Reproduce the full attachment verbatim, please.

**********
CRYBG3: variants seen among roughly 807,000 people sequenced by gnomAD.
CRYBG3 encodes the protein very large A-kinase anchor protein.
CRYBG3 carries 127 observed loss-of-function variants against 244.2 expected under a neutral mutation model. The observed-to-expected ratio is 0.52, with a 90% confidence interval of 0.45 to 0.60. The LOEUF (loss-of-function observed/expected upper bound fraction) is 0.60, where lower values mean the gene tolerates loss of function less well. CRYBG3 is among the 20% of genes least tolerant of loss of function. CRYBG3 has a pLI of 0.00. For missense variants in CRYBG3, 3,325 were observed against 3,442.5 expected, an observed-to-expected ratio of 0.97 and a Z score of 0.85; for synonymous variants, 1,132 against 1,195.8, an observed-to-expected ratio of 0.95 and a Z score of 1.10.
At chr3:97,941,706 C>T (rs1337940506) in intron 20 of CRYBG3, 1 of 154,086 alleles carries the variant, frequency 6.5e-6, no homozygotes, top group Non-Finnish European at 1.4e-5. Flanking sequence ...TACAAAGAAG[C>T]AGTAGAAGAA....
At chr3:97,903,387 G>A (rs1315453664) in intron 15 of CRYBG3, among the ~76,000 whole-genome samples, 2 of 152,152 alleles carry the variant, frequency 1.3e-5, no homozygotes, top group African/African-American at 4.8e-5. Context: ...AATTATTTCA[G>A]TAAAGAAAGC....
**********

CRYBG3: variants seen among roughly 807,000 people sequenced by gnomAD.
CRYBG3 encodes the protein very large A-kinase anchor protein.
CRYBG3 carries 127 observed loss-of-function variants against 244.2 expected under a neutral mutation model. The observed-to-expected ratio is 0.52, with a 90% confidence interval of 0.45 to 0.60. The LOEUF (loss-of-function observed/expected upper bound fraction) is 0.60, where lower values mean the gene tolerates loss of function less well. CRYBG3 is among the 20% of genes least tolerant of loss of function. CRYBG3 has a pLI of 0.00. For missense variants in CRYBG3, 3,325 were observed against 3,442.5 expected, an observed-to-expected ratio of 0.97 and a Z score of 0.85; for synonymous variants, 1,132 against 1,195.8, an observed-to-expected ratio of 0.95 and a Z score of 1.10.
At chr3:97,941,706 C>T (rs1337940506) in intron 20 of CRYBG3, 1 of 154,086 alleles carries the variant, frequency 6.5e-6, no homozygotes, top group Non-Finnish European at 1.4e-5. Flanking sequence ...TACAAAGAAG[C>T]AGTAGAAGAA....
At chr3:97,903,387 G>A (rs1315453664) in intron 15 of CRYBG3, among the ~76,000 whole-genome samples, 2 of 152,152 alleles carry the variant, frequency 1.3e-5, no homozygotes, top group African/African-American at 4.8e-5. Context: ...AATTATTTCA[G>A]TAAAGAAAGC....